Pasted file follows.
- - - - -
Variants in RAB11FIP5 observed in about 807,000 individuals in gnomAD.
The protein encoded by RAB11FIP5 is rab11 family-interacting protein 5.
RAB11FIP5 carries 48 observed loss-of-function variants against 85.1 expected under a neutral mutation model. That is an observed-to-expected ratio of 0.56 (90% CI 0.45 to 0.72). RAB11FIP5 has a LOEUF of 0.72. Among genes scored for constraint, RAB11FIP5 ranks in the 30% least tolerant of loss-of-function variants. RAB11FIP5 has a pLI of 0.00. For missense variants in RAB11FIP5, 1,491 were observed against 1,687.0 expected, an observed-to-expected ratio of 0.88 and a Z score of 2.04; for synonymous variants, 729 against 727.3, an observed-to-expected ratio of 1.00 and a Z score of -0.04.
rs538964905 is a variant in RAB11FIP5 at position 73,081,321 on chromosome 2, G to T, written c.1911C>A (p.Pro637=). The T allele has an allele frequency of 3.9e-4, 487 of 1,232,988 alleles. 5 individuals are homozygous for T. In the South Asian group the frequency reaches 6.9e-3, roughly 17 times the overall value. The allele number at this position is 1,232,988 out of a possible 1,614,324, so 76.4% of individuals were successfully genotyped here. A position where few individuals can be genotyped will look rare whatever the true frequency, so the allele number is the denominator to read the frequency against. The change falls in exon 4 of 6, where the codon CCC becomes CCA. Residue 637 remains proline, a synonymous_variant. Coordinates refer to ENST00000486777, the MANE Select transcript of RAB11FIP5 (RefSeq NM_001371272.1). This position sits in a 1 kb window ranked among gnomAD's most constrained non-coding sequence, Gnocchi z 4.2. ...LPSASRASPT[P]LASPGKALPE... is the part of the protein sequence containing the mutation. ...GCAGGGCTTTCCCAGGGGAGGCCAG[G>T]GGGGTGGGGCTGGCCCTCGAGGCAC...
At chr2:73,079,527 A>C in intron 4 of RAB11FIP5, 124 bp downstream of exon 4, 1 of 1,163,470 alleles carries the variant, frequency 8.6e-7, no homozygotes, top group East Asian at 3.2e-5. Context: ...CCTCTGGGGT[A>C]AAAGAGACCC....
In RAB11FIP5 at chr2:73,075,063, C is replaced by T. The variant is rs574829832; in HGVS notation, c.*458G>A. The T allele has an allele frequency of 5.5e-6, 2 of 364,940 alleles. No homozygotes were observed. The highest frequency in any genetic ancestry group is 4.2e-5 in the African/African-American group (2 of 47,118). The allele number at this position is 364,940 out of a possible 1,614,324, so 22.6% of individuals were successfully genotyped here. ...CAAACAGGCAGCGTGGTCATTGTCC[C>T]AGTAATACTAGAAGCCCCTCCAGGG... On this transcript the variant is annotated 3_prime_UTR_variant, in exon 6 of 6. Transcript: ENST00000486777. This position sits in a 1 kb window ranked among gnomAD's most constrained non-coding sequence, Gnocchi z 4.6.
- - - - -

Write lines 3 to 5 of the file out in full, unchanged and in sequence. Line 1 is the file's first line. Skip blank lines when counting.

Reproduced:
RAB11FIP5 carries 48 observed loss-of-function variants against 85.1 expected under a neutral mutation model. That is an observed-to-expected ratio of 0.56 (90% CI 0.45 to 0.72). RAB11FIP5 has a LOEUF of 0.72. Among genes scored for constraint, RAB11FIP5 ranks in the 30% least tolerant of loss-of-function variants. RAB11FIP5 has a pLI of 0.00. For missense variants in RAB11FIP5, 1,491 were observed against 1,687.0 expected, an observed-to-expected ratio of 0.88 and a Z score of 2.04; for synonymous variants, 729 against 727.3, an observed-to-expected ratio of 1.00 and a Z score of -0.04.
rs538964905 is a variant in RAB11FIP5 at position 73,081,321 on chromosome 2, G to T, written c.1911C>A (p.Pro637=). The T allele has an allele frequency of 3.9e-4, 487 of 1,232,988 alleles. 5 individuals are homozygous for T. In the South Asian group the frequency reaches 6.9e-3, roughly 17 times the overall value. The allele number at this position is 1,232,988 out of a possible 1,614,324, so 76.4% of individuals were successfully genotyped here. A position where few individuals can be genotyped will look rare whatever the true frequency, so the allele number is the denominator to read the frequency against. The change falls in exon 4 of 6, where the codon CCC becomes CCA. Residue 637 remains proline, a synonymous_variant. Coordinates refer to ENST00000486777, the MANE Select transcript of RAB11FIP5 (RefSeq NM_001371272.1). This position sits in a 1 kb window ranked among gnomAD's most constrained non-coding sequence, Gnocchi z 4.2. ...LPSASRASPT[P]LASPGKALPE... is the part of the protein sequence containing the mutation. ...GCAGGGCTTTCCCAGGGGAGGCCAG[G>T]GGGGTGGGGCTGGCCCTCGAGGCAC...
At chr2:73,079,527 A>C in intron 4 of RAB11FIP5, 124 bp downstream of exon 4, 1 of 1,163,470 alleles carries the variant, frequency 8.6e-7, no homozygotes, top group East Asian at 3.2e-5. Context: ...CCTCTGGGGT[A>C]AAAGAGACCC....